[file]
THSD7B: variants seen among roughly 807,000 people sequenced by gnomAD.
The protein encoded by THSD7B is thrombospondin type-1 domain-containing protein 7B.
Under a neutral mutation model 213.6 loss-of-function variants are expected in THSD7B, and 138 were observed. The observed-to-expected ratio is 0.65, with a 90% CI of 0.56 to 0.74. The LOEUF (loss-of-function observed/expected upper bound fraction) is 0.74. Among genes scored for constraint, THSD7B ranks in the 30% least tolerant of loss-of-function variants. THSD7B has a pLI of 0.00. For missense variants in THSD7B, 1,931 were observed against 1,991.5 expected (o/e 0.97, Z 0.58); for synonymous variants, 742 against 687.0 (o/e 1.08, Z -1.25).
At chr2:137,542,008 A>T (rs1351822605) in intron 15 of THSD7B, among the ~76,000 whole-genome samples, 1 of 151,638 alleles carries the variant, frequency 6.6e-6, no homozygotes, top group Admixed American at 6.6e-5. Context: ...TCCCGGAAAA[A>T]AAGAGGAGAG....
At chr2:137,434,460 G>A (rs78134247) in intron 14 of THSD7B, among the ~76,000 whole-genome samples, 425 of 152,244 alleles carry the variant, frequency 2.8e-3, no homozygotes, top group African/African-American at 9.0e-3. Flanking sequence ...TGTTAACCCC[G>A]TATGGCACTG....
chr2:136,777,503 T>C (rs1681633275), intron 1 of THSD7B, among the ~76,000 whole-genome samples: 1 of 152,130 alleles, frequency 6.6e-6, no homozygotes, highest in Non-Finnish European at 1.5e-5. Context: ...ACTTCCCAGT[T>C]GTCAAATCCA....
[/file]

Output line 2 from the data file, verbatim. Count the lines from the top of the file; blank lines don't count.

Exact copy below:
The protein encoded by THSD7B is thrombospondin type-1 domain-containing protein 7B.